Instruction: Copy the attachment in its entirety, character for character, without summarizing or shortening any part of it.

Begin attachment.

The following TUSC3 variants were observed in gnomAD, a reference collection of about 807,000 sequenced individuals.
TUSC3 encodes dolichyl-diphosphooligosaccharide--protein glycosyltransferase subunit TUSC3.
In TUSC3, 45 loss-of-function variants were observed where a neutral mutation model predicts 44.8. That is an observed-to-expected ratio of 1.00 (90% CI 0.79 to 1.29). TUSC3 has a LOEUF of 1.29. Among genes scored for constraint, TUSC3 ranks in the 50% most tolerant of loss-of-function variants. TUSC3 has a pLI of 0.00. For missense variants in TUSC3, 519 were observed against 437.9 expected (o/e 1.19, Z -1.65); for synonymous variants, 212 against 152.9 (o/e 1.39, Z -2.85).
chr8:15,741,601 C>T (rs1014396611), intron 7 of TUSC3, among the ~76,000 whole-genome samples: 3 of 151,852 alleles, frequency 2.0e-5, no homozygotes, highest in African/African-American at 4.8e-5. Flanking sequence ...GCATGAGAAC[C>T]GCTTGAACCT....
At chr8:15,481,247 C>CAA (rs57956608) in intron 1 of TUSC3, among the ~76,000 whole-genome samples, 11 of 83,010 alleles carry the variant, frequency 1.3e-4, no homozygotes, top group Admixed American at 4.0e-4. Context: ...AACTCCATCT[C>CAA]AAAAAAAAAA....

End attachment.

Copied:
The following TUSC3 variants were observed in gnomAD, a reference collection of about 807,000 sequenced individuals.
TUSC3 encodes dolichyl-diphosphooligosaccharide--protein glycosyltransferase subunit TUSC3.
In TUSC3, 45 loss-of-function variants were observed where a neutral mutation model predicts 44.8. That is an observed-to-expected ratio of 1.00 (90% CI 0.79 to 1.29). TUSC3 has a LOEUF of 1.29. Among genes scored for constraint, TUSC3 ranks in the 50% most tolerant of loss-of-function variants. TUSC3 has a pLI of 0.00. For missense variants in TUSC3, 519 were observed against 437.9 expected (o/e 1.19, Z -1.65); for synonymous variants, 212 against 152.9 (o/e 1.39, Z -2.85).
chr8:15,741,601 C>T (rs1014396611), intron 7 of TUSC3, among the ~76,000 whole-genome samples: 3 of 151,852 alleles, frequency 2.0e-5, no homozygotes, highest in African/African-American at 4.8e-5. Flanking sequence ...GCATGAGAAC[C>T]GCTTGAACCT....
At chr8:15,481,247 C>CAA (rs57956608) in intron 1 of TUSC3, among the ~76,000 whole-genome samples, 11 of 83,010 alleles carry the variant, frequency 1.3e-4, no homozygotes, top group Admixed American at 4.0e-4. Context: ...AACTCCATCT[C>CAA]AAAAAAAAAA....